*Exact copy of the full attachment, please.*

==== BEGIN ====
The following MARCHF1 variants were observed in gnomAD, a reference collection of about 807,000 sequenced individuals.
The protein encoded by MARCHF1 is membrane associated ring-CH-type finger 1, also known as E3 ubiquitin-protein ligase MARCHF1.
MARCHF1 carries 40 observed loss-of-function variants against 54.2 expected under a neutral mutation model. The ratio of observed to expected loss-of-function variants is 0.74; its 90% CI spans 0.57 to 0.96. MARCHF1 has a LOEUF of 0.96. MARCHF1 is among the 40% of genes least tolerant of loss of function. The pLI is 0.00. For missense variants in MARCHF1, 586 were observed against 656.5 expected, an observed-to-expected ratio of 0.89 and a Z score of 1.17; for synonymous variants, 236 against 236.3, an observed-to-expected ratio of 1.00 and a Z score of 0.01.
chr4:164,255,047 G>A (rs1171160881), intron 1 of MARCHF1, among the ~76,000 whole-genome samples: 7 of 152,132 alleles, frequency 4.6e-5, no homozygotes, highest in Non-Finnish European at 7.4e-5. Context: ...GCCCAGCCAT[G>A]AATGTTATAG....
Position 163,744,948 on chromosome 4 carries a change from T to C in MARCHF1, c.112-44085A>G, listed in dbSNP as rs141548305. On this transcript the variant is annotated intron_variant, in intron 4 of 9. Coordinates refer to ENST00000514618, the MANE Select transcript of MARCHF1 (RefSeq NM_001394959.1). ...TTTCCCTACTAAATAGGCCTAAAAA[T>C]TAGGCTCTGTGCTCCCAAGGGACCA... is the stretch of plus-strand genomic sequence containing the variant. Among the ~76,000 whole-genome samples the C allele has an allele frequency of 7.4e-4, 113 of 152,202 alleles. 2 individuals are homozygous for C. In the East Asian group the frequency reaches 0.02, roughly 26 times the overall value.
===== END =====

The following MARCHF1 variants were observed in gnomAD, a reference collection of about 807,000 sequenced individuals.
The protein encoded by MARCHF1 is membrane associated ring-CH-type finger 1, also known as E3 ubiquitin-protein ligase MARCHF1.
MARCHF1 carries 40 observed loss-of-function variants against 54.2 expected under a neutral mutation model. The ratio of observed to expected loss-of-function variants is 0.74; its 90% CI spans 0.57 to 0.96. MARCHF1 has a LOEUF of 0.96. MARCHF1 is among the 40% of genes least tolerant of loss of function. The pLI is 0.00. For missense variants in MARCHF1, 586 were observed against 656.5 expected, an observed-to-expected ratio of 0.89 and a Z score of 1.17; for synonymous variants, 236 against 236.3, an observed-to-expected ratio of 1.00 and a Z score of 0.01.
chr4:164,255,047 G>A (rs1171160881), intron 1 of MARCHF1, among the ~76,000 whole-genome samples: 7 of 152,132 alleles, frequency 4.6e-5, no homozygotes, highest in Non-Finnish European at 7.4e-5. Context: ...GCCCAGCCAT[G>A]AATGTTATAG....
Position 163,744,948 on chromosome 4 carries a change from T to C in MARCHF1, c.112-44085A>G, listed in dbSNP as rs141548305. On this transcript the variant is annotated intron_variant, in intron 4 of 9. Coordinates refer to ENST00000514618, the MANE Select transcript of MARCHF1 (RefSeq NM_001394959.1). ...TTTCCCTACTAAATAGGCCTAAAAA[T>C]TAGGCTCTGTGCTCCCAAGGGACCA... is the stretch of plus-strand genomic sequence containing the variant. Among the ~76,000 whole-genome samples the C allele has an allele frequency of 7.4e-4, 113 of 152,202 alleles. 2 individuals are homozygous for C. In the East Asian group the frequency reaches 0.02, roughly 26 times the overall value.